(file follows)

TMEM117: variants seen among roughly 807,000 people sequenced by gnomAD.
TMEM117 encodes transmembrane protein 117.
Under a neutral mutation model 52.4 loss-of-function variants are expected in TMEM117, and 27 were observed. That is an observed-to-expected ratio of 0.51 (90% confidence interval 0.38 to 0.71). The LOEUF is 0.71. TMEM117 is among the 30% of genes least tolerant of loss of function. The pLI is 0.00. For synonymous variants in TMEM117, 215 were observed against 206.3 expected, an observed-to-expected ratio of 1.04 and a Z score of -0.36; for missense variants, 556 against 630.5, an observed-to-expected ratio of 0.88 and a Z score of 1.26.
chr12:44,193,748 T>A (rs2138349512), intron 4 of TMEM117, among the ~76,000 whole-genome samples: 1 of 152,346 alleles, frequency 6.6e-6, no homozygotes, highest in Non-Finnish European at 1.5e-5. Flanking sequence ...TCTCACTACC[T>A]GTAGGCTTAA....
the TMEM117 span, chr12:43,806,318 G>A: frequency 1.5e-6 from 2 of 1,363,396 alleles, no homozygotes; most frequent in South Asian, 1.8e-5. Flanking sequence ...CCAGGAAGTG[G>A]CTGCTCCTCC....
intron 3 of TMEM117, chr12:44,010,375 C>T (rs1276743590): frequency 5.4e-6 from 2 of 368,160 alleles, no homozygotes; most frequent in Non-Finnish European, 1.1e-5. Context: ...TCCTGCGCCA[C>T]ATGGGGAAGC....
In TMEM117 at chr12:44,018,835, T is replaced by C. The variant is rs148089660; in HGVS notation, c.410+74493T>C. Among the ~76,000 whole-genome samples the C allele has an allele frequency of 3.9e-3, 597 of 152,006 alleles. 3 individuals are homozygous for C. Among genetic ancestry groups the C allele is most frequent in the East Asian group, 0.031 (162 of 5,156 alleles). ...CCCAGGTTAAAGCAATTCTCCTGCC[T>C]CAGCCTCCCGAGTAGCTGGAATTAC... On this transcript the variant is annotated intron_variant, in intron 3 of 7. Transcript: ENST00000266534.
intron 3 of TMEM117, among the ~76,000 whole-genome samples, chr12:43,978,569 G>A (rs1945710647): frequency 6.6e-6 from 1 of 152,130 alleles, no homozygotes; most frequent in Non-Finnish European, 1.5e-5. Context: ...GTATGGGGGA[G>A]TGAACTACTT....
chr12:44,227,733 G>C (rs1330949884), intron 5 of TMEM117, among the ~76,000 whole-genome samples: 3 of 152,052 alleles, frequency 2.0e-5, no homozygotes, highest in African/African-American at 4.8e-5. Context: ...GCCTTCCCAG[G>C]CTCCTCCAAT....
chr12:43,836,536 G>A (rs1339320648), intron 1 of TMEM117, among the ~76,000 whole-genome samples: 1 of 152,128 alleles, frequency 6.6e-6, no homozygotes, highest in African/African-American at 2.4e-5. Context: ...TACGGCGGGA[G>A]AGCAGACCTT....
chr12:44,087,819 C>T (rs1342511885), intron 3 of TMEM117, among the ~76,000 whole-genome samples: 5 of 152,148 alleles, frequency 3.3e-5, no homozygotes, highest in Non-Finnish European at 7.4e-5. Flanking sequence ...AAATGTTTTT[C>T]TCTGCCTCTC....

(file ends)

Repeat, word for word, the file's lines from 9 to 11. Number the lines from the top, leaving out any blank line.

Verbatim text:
chr12:44,227,733 G>C (rs1330949884), intron 5 of TMEM117, among the ~76,000 whole-genome samples: 3 of 152,052 alleles, frequency 2.0e-5, no homozygotes, highest in African/African-American at 4.8e-5. Context: ...GCCTTCCCAG[G>C]CTCCTCCAAT....
chr12:43,836,536 G>A (rs1339320648), intron 1 of TMEM117, among the ~76,000 whole-genome samples: 1 of 152,128 alleles, frequency 6.6e-6, no homozygotes, highest in African/African-American at 2.4e-5. Context: ...TACGGCGGGA[G>A]AGCAGACCTT....
chr12:44,087,819 C>T (rs1342511885), intron 3 of TMEM117, among the ~76,000 whole-genome samples: 5 of 152,148 alleles, frequency 3.3e-5, no homozygotes, highest in Non-Finnish European at 7.4e-5. Flanking sequence ...AAATGTTTTT[C>T]TCTGCCTCTC....